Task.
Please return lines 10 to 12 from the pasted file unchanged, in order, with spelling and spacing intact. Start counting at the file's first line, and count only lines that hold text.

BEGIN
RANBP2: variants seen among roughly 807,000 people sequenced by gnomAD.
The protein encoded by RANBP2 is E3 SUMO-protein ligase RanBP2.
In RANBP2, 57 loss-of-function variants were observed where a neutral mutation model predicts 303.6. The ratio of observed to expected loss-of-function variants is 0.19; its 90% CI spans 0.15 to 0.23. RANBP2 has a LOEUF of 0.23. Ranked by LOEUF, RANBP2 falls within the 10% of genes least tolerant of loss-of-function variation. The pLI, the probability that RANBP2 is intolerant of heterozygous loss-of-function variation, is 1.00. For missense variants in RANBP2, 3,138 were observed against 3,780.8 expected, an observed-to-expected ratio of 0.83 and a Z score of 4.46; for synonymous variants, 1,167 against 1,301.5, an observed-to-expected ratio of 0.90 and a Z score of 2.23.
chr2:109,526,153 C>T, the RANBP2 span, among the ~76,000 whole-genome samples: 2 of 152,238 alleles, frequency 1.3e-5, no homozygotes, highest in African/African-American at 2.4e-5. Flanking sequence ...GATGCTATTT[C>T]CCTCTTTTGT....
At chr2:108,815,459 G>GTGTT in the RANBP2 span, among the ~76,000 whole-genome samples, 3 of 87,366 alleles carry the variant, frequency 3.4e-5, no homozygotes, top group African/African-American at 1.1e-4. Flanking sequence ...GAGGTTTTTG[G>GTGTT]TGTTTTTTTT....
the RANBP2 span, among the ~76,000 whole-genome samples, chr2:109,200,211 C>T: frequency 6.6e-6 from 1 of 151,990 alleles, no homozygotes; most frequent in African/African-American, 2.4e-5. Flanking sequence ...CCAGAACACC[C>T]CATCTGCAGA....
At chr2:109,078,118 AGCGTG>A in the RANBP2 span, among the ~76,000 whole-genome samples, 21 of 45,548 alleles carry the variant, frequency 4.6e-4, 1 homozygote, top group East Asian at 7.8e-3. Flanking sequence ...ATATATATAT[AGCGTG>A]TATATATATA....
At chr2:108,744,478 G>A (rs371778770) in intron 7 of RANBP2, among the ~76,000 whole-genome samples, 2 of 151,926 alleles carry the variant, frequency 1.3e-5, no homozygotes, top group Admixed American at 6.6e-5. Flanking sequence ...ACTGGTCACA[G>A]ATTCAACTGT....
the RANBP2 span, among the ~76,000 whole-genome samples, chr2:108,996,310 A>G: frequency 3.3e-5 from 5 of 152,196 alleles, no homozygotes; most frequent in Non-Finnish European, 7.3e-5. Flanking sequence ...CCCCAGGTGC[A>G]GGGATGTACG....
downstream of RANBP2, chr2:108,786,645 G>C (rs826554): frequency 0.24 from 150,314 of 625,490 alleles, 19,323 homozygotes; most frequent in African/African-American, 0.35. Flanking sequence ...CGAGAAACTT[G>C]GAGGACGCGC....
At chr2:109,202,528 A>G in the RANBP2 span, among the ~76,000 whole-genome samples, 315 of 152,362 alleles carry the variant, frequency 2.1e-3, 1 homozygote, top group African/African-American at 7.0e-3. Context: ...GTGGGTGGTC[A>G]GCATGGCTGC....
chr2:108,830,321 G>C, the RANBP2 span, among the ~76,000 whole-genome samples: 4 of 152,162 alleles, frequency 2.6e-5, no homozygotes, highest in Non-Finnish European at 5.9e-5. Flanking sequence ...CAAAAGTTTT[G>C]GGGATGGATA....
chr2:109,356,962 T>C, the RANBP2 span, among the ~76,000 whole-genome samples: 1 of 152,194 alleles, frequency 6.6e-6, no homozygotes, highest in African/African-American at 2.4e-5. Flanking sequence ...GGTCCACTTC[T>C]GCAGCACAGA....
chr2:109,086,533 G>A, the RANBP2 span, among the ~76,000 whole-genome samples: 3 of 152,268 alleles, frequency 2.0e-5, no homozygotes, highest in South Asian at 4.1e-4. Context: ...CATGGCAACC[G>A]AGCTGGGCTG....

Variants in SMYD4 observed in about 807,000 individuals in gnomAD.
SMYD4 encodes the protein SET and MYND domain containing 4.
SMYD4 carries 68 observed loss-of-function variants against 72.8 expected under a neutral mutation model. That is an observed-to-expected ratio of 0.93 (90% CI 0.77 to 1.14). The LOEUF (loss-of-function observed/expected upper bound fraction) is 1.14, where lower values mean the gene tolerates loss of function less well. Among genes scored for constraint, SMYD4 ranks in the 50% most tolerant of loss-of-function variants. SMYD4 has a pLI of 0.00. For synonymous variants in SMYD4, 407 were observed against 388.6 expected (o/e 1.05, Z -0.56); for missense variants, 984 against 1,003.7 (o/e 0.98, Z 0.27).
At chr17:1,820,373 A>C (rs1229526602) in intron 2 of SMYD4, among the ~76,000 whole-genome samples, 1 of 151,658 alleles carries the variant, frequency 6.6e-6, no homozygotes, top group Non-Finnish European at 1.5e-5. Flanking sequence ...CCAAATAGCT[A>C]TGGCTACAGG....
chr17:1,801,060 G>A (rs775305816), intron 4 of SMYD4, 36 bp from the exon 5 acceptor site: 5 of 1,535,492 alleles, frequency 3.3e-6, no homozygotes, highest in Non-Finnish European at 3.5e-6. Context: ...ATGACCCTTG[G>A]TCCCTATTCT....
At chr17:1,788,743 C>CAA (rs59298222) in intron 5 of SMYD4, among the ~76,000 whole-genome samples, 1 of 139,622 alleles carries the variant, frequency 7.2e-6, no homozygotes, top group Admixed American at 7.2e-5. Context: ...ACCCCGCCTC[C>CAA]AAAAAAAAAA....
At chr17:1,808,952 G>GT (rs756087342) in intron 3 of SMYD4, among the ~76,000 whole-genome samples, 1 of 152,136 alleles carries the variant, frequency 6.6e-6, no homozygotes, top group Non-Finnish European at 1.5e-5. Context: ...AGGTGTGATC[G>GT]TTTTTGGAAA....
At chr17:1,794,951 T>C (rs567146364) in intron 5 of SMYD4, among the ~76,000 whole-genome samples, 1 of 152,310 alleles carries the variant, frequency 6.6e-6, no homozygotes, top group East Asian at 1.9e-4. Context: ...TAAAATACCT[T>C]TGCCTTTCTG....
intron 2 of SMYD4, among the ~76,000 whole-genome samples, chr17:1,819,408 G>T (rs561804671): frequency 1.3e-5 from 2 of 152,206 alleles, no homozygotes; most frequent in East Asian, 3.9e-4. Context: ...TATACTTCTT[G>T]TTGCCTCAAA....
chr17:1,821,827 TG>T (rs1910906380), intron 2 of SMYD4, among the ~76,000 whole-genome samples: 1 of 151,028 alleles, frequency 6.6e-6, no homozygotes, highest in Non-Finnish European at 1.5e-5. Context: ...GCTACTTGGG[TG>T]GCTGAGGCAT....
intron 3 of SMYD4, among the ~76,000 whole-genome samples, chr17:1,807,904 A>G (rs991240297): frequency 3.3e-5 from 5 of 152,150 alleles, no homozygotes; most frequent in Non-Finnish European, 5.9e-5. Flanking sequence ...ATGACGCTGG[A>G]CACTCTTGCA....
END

downstream of RANBP2, chr2:108,786,645 G>C (rs826554): frequency 0.24 from 150,314 of 625,490 alleles, 19,323 homozygotes; most frequent in African/African-American, 0.35. Flanking sequence ...CGAGAAACTT[G>C]GAGGACGCGC....
At chr2:109,202,528 A>G in the RANBP2 span, among the ~76,000 whole-genome samples, 315 of 152,362 alleles carry the variant, frequency 2.1e-3, 1 homozygote, top group African/African-American at 7.0e-3. Context: ...GTGGGTGGTC[A>G]GCATGGCTGC....
chr2:108,830,321 G>C, the RANBP2 span, among the ~76,000 whole-genome samples: 4 of 152,162 alleles, frequency 2.6e-5, no homozygotes, highest in Non-Finnish European at 5.9e-5. Flanking sequence ...CAAAAGTTTT[G>C]GGGATGGATA....